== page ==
After starting SEC play 2-0 and wading out into Top 25 territory, the Gators were knocked back to shore by a crimson tide Tuesday night, losing to Alabama 86-71.
Fortunately for Florida, its subsequent game against the blue-blooded Kentucky Wildcats Saturday is an uncharacteristically easy matchup.
Kentucky entered the SEC gauntlet holding a 1-6 record — its worst since the Taft administration — and picked up more losses along the way.
A 19-point loss to Georgia Tech was followed by a defeat against ACC bottom-dwellers Notre Dame. The six-game losing streak was capped off by dropping the Bluegrass State showdown against a severely shorthanded Louisville side.
Even in victory, Kentucky looks unconvincing and far worse than the team that won the SEC by three games last season. An overtime victory against an average Mississippi State was followed by a last-second, 77-74 victory at home against Vanderbilt, a team Florida handled comfortably in Nashville.
Florida should win on paper, sitting at six point favorites on KenPom, but Kentucky maintains a talented roster and coach John Calipari’s teams have a reputation for improving as the season goes on. To hang on the upper rungs of the SEC and keep its tournament hopes on track, Florida must take care of these aspects to defeat Kentucky on Saturday.
Mike White’s free-flowing, transition-based basketball got beaten back by the bully-ball style of Alabama last time out, conceding 46 points in the paint. Among UF players that played more than 10 minutes against the Tide, just two stand above 6 feet, 5 inches. While this diminutive makeup helps the Gators get out on the break, it breeds mismatches down low.
Kentucky is the fifth tallest team in college basketball, with eight players measured at 6 feet, 6 inches or taller. The Wildcats would be wise to take Alabama’s blueprint and pound the ball in the paint. White spoke in the postgame on Tuesday about potentially switching defenses. A zone look would remedy some of UF’s deficiencies on the interior but worsen an already glaring problem on the glass.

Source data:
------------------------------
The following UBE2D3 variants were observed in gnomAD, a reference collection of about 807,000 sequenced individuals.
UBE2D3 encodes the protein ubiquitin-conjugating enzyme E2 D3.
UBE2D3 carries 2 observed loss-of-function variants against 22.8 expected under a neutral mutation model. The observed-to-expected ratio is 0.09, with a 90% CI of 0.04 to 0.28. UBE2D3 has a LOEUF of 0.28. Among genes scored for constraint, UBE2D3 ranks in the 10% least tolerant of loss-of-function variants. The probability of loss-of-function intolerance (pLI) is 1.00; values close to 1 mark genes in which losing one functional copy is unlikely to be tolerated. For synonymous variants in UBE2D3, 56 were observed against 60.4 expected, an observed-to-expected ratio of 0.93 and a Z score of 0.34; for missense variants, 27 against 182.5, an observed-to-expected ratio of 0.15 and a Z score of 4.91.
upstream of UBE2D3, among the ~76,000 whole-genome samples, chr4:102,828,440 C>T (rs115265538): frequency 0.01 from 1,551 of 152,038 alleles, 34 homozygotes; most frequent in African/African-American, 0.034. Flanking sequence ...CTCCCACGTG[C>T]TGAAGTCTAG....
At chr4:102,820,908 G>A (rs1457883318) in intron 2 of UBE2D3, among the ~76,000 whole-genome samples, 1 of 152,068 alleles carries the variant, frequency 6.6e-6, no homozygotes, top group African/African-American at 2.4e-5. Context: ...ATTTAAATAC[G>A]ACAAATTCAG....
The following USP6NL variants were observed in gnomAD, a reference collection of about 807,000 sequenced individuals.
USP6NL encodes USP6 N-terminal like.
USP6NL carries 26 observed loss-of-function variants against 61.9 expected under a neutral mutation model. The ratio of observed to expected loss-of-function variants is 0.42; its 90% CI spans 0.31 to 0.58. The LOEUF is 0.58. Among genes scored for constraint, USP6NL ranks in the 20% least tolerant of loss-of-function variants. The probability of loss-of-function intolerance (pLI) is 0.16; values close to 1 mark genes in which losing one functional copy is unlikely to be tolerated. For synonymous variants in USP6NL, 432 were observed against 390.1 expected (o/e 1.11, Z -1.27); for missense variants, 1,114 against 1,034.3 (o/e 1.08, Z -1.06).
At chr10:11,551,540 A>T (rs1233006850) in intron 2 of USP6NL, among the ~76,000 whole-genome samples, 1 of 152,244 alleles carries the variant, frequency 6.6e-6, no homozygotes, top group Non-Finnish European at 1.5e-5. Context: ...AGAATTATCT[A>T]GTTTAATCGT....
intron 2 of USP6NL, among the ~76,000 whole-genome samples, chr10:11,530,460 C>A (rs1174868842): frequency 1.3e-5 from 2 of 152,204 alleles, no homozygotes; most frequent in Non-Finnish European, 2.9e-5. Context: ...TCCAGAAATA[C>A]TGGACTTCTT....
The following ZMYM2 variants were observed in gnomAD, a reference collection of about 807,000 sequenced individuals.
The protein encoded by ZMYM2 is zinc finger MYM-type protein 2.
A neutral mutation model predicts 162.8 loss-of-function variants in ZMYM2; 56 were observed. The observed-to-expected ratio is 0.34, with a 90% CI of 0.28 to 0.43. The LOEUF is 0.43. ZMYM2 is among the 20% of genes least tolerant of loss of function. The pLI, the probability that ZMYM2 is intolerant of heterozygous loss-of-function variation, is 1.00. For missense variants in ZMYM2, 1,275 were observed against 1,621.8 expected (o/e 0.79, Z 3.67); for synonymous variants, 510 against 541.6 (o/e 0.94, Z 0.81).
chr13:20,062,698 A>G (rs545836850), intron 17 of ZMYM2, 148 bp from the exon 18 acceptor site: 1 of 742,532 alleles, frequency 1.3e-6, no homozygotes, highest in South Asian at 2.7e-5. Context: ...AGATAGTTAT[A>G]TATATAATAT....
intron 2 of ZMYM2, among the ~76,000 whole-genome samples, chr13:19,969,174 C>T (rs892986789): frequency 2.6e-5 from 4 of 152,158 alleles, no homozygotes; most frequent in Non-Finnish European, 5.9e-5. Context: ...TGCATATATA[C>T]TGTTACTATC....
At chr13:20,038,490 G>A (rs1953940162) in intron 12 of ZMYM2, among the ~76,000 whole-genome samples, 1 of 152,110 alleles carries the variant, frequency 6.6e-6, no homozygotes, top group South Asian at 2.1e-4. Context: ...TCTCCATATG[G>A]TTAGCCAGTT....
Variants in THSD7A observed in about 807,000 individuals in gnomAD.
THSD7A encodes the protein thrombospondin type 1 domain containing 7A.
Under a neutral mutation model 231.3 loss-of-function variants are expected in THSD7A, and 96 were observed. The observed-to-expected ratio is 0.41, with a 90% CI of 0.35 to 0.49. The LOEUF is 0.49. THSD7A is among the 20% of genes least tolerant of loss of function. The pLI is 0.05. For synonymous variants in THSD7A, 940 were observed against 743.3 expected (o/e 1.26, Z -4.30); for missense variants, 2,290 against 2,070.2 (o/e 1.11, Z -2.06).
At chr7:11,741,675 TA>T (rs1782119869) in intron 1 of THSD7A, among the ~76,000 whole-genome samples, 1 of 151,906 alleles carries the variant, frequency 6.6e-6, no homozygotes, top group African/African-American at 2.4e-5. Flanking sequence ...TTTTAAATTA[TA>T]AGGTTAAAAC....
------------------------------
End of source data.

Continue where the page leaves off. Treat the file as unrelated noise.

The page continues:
Florida enters the game 223rd in the country in defensive rebounding percentage, a concerning figure as Kentucky ranks 40th in offensive rebounding percentage. Switching to a zone would give Kentucky a greater advantage on the offensive glass and likely creates easy looks for UK.
The Wildcats struggle to shoot the ball from all over the court, but they are particularly poor from three-point range, shooting less than 30% from distance. Providing help defense in the paint and encouraging Kentucky to shoot from the perimeter should mitigate the physical disparities between the two teams.
White’s off-season promises of fast-paced basketball came to fruition thus far. The Gators now rank 79th in adjusted tempo and 34th in possession length. Kentucky comes into Saturday’s matchup with a completely different style of play, ranking 209th in adjusted tempo.
The Wildcats are currently the fourth-youngest team in college basketball, with the roster averaging just .89 years of experience. Only one UK opponent, North Carolina, ranks inside the top 100 in tempo and most of Kentucky’s key players have little to no experience against a team of Florida’s pace.
Pushing the ball will force the Wildcats out of their comfort zone and likely rattle a despondent team searching for confidence.
With a Jan. 19 matchup against Tennessee looming and a pair of games against pesky Mississippi schools upcoming, a defeat against Kentucky would be an early-season blow to Florida’s tournament chances. UF has been the better team all season and should expect to win Saturday.
Tip-off is at 5 p.m. at the O’Connell Center, and the action will be broadcast on ESPN.
Contact Declan Walshs at email@example.com and follow him on Twitter @declanaw